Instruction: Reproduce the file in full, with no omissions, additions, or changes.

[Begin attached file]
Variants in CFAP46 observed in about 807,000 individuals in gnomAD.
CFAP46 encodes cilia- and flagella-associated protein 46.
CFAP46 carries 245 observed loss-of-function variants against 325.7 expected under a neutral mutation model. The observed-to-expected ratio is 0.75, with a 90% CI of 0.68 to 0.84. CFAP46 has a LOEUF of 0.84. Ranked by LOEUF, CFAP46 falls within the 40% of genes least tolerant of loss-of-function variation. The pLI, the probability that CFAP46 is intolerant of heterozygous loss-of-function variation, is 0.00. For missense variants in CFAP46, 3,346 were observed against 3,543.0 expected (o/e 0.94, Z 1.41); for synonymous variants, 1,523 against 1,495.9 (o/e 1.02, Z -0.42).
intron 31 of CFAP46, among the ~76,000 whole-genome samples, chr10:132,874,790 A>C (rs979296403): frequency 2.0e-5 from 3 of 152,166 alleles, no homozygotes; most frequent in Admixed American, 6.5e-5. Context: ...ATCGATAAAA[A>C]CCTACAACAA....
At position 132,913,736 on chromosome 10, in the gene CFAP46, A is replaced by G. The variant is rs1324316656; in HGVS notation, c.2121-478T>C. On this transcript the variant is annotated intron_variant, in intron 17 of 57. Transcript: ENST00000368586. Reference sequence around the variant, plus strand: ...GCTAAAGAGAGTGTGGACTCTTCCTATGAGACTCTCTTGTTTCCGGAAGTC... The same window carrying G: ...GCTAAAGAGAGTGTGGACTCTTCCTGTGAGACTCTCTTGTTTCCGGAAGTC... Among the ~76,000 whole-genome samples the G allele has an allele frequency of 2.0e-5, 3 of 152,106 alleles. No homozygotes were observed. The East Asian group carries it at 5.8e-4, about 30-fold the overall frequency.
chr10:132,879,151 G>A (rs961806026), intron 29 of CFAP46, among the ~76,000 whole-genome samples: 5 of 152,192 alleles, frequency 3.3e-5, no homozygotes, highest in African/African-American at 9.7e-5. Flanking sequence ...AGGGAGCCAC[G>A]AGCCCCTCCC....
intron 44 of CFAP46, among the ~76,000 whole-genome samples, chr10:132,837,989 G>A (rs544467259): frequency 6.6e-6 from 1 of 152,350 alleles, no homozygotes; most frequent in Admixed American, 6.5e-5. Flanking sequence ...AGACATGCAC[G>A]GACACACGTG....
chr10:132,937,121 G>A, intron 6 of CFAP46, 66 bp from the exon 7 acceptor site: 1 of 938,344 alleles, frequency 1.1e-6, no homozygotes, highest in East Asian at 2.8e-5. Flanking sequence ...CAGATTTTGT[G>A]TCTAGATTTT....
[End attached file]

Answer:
Variants in CFAP46 observed in about 807,000 individuals in gnomAD.
CFAP46 encodes cilia- and flagella-associated protein 46.
CFAP46 carries 245 observed loss-of-function variants against 325.7 expected under a neutral mutation model. The observed-to-expected ratio is 0.75, with a 90% CI of 0.68 to 0.84. CFAP46 has a LOEUF of 0.84. Ranked by LOEUF, CFAP46 falls within the 40% of genes least tolerant of loss-of-function variation. The pLI, the probability that CFAP46 is intolerant of heterozygous loss-of-function variation, is 0.00. For missense variants in CFAP46, 3,346 were observed against 3,543.0 expected (o/e 0.94, Z 1.41); for synonymous variants, 1,523 against 1,495.9 (o/e 1.02, Z -0.42).
intron 31 of CFAP46, among the ~76,000 whole-genome samples, chr10:132,874,790 A>C (rs979296403): frequency 2.0e-5 from 3 of 152,166 alleles, no homozygotes; most frequent in Admixed American, 6.5e-5. Context: ...ATCGATAAAA[A>C]CCTACAACAA....
At position 132,913,736 on chromosome 10, in the gene CFAP46, A is replaced by G. The variant is rs1324316656; in HGVS notation, c.2121-478T>C. On this transcript the variant is annotated intron_variant, in intron 17 of 57. Transcript: ENST00000368586. Reference sequence around the variant, plus strand: ...GCTAAAGAGAGTGTGGACTCTTCCTATGAGACTCTCTTGTTTCCGGAAGTC... The same window carrying G: ...GCTAAAGAGAGTGTGGACTCTTCCTGTGAGACTCTCTTGTTTCCGGAAGTC... Among the ~76,000 whole-genome samples the G allele has an allele frequency of 2.0e-5, 3 of 152,106 alleles. No homozygotes were observed. The East Asian group carries it at 5.8e-4, about 30-fold the overall frequency.
chr10:132,879,151 G>A (rs961806026), intron 29 of CFAP46, among the ~76,000 whole-genome samples: 5 of 152,192 alleles, frequency 3.3e-5, no homozygotes, highest in African/African-American at 9.7e-5. Flanking sequence ...AGGGAGCCAC[G>A]AGCCCCTCCC....
intron 44 of CFAP46, among the ~76,000 whole-genome samples, chr10:132,837,989 G>A (rs544467259): frequency 6.6e-6 from 1 of 152,350 alleles, no homozygotes; most frequent in Admixed American, 6.5e-5. Flanking sequence ...AGACATGCAC[G>A]GACACACGTG....
chr10:132,937,121 G>A, intron 6 of CFAP46, 66 bp from the exon 7 acceptor site: 1 of 938,344 alleles, frequency 1.1e-6, no homozygotes, highest in East Asian at 2.8e-5. Flanking sequence ...CAGATTTTGT[G>A]TCTAGATTTT....